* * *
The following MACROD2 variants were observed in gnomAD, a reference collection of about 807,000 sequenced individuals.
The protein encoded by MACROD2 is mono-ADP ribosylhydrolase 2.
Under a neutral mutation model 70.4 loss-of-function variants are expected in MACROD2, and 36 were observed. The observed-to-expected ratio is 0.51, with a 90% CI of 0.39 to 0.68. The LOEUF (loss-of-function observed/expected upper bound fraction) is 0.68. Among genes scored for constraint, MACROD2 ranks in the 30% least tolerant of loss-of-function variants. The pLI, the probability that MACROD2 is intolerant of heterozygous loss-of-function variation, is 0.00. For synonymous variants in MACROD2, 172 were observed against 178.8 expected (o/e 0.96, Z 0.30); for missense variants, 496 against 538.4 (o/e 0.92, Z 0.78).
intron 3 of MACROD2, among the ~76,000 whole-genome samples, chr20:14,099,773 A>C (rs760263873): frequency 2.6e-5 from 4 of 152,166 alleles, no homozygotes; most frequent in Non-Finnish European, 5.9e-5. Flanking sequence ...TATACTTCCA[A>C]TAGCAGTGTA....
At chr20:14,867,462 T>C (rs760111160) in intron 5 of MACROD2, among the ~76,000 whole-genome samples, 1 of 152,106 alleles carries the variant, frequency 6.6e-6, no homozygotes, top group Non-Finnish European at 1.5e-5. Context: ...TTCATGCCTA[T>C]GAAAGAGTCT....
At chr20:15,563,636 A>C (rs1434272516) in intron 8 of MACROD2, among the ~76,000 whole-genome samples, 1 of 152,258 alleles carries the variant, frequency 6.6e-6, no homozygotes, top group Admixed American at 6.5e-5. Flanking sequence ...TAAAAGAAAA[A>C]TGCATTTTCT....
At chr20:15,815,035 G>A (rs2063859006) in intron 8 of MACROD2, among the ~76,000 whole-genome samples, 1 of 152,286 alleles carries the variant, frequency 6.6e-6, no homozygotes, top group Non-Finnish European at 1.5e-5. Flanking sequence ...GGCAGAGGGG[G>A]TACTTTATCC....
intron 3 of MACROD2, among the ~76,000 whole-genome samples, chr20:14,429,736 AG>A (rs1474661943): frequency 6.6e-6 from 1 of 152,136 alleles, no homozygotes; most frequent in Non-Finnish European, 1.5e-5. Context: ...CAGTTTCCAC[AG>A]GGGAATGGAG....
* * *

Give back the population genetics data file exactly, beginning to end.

The following MACROD2 variants were observed in gnomAD, a reference collection of about 807,000 sequenced individuals.
The protein encoded by MACROD2 is mono-ADP ribosylhydrolase 2.
Under a neutral mutation model 70.4 loss-of-function variants are expected in MACROD2, and 36 were observed. The observed-to-expected ratio is 0.51, with a 90% CI of 0.39 to 0.68. The LOEUF (loss-of-function observed/expected upper bound fraction) is 0.68. Among genes scored for constraint, MACROD2 ranks in the 30% least tolerant of loss-of-function variants. The pLI, the probability that MACROD2 is intolerant of heterozygous loss-of-function variation, is 0.00. For synonymous variants in MACROD2, 172 were observed against 178.8 expected (o/e 0.96, Z 0.30); for missense variants, 496 against 538.4 (o/e 0.92, Z 0.78).
intron 3 of MACROD2, among the ~76,000 whole-genome samples, chr20:14,099,773 A>C (rs760263873): frequency 2.6e-5 from 4 of 152,166 alleles, no homozygotes; most frequent in Non-Finnish European, 5.9e-5. Flanking sequence ...TATACTTCCA[A>C]TAGCAGTGTA....
At chr20:14,867,462 T>C (rs760111160) in intron 5 of MACROD2, among the ~76,000 whole-genome samples, 1 of 152,106 alleles carries the variant, frequency 6.6e-6, no homozygotes, top group Non-Finnish European at 1.5e-5. Context: ...TTCATGCCTA[T>C]GAAAGAGTCT....
At chr20:15,563,636 A>C (rs1434272516) in intron 8 of MACROD2, among the ~76,000 whole-genome samples, 1 of 152,258 alleles carries the variant, frequency 6.6e-6, no homozygotes, top group Admixed American at 6.5e-5. Flanking sequence ...TAAAAGAAAA[A>C]TGCATTTTCT....
At chr20:15,815,035 G>A (rs2063859006) in intron 8 of MACROD2, among the ~76,000 whole-genome samples, 1 of 152,286 alleles carries the variant, frequency 6.6e-6, no homozygotes, top group Non-Finnish European at 1.5e-5. Flanking sequence ...GGCAGAGGGG[G>A]TACTTTATCC....
intron 3 of MACROD2, among the ~76,000 whole-genome samples, chr20:14,429,736 AG>A (rs1474661943): frequency 6.6e-6 from 1 of 152,136 alleles, no homozygotes; most frequent in Non-Finnish European, 1.5e-5. Context: ...CAGTTTCCAC[AG>A]GGGAATGGAG....